This is an absolute must read. Not just for teens that deal with issues of sexuality and gender, but their families, anyone that has friends that deal with these issues, anyone that feels like an outsider, anyone that knows what is like to be an outsider, or just anyone that wants to be inspired by stories of overcoming pain, hatred, intolerance, bigotry, loneliness, and confusion to achieve dreams they once thought impossible. This is a truly powerful book and wonderful companion the Youtube channel’s videos. Definitely take a look at both, because they really do complement each other very well. You can find the Youtube channel at

Saturday, May 14, 2011

Recovery Road by Blake Nelson YP FIC NELSON

Madeline has anger issues and a drinking problem and is in treatment at 16. In treatment she finds that she actually WANTS to be well. She also finds Stewart and love. When she gets out first she spends a month waiting, but their reunion isn’t as happy as she suspected. Can two addicts ever be good for each other? Can she recover from recovery?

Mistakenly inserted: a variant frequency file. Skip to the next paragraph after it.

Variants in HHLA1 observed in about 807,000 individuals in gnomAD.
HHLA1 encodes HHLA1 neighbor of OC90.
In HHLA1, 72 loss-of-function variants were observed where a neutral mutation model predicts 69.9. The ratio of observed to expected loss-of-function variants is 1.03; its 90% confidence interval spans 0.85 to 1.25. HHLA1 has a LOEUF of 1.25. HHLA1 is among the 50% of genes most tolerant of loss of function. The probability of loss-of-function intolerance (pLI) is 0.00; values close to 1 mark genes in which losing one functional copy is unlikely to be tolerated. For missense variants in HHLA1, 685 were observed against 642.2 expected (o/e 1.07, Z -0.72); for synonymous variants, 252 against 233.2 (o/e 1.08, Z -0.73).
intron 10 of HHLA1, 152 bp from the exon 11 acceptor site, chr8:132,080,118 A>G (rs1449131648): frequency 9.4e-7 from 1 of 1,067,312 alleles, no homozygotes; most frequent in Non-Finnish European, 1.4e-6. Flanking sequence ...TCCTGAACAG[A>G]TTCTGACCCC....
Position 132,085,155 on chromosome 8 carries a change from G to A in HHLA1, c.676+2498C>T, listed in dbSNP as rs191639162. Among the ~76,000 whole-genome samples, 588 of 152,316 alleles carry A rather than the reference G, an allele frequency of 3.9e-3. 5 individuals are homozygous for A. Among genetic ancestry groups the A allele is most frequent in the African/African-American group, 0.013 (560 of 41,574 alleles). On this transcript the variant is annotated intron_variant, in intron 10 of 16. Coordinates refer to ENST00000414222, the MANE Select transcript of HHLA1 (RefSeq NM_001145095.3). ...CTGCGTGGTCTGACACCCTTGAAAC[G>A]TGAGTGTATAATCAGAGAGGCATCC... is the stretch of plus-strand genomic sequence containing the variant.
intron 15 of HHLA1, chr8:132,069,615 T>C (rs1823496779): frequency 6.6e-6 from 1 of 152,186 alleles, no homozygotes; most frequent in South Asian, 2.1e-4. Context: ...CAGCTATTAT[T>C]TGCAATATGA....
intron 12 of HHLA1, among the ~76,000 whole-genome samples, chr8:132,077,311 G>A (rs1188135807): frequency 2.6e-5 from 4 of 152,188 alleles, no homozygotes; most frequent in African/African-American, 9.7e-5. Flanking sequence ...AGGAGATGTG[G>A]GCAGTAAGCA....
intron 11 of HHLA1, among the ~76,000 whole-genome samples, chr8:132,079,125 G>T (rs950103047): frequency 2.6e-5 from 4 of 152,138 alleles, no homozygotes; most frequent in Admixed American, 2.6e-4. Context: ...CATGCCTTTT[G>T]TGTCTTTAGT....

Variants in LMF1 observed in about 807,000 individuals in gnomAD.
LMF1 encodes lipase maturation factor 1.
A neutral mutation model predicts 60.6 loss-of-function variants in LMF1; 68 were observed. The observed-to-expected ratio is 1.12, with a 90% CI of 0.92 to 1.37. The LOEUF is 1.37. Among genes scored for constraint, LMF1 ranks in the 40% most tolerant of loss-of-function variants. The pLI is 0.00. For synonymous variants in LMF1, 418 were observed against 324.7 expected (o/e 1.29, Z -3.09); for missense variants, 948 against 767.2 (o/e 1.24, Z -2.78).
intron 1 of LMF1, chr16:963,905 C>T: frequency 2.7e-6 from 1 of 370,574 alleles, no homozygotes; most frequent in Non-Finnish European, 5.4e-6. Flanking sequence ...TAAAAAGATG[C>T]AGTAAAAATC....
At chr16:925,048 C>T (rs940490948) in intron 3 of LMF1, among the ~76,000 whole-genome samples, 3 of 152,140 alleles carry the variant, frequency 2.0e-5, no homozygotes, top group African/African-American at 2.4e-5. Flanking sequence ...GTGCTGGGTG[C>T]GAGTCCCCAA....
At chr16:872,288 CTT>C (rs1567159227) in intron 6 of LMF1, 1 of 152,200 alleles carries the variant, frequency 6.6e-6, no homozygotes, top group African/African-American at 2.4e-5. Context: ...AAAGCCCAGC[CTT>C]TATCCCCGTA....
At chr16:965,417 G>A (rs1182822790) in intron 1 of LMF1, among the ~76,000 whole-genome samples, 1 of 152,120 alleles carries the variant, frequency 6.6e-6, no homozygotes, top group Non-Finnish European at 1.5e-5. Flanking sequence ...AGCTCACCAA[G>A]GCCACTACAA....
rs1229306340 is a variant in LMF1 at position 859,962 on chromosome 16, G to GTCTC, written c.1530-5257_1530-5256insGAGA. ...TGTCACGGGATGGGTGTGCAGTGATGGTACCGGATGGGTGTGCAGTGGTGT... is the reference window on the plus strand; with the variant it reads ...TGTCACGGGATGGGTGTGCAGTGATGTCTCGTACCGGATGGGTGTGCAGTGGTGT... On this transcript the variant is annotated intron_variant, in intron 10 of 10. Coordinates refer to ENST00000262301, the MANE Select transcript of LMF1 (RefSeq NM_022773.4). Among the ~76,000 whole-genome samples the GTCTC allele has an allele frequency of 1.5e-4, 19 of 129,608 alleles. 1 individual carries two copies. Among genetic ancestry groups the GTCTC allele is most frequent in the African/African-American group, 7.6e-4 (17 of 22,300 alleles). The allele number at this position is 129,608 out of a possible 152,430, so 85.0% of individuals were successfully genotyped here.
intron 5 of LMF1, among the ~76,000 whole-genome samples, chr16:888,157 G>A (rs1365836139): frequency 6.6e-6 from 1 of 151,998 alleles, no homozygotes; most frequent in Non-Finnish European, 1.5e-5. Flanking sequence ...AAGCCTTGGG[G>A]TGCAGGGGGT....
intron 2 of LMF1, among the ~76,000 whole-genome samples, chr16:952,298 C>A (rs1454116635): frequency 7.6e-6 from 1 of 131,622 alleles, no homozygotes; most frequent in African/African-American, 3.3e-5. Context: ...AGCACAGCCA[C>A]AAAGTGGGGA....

This is the Best! Novel! About! Addiction! for Teens! I! Have! Ever! Read! Far too many novels about addiction either end with treatment or have it as an epilogue. Or maybe treatment will be the final third or half. What about after treatment? That is one of the most difficult (and therefore dramatic) times for addiction! Blake Nelson clearly understands this and delivers a knockout novel about pain, guilt, grief, loneliness, boredom, and all the other horrors of getting better and what (and who) we have to leave behind to do it. Madeline and Stewart are so real it hurts to read about them. Their pain and struggle is true to life and beautifully told. Blake has short straight forward chapters all from Madeline’s view. It is a personal style that feels like a diary or a confession, which fits the recovery plotline perfectly. I love that we get a lot of time after treatment and inside Madeline’s recovery. It doesn’t end too quickly or gloss over how long or difficult recovery is. Finally, besides being an honest and interesting look at recovery it is also a universal look at love and loss. A great read for any fan of realistic fiction.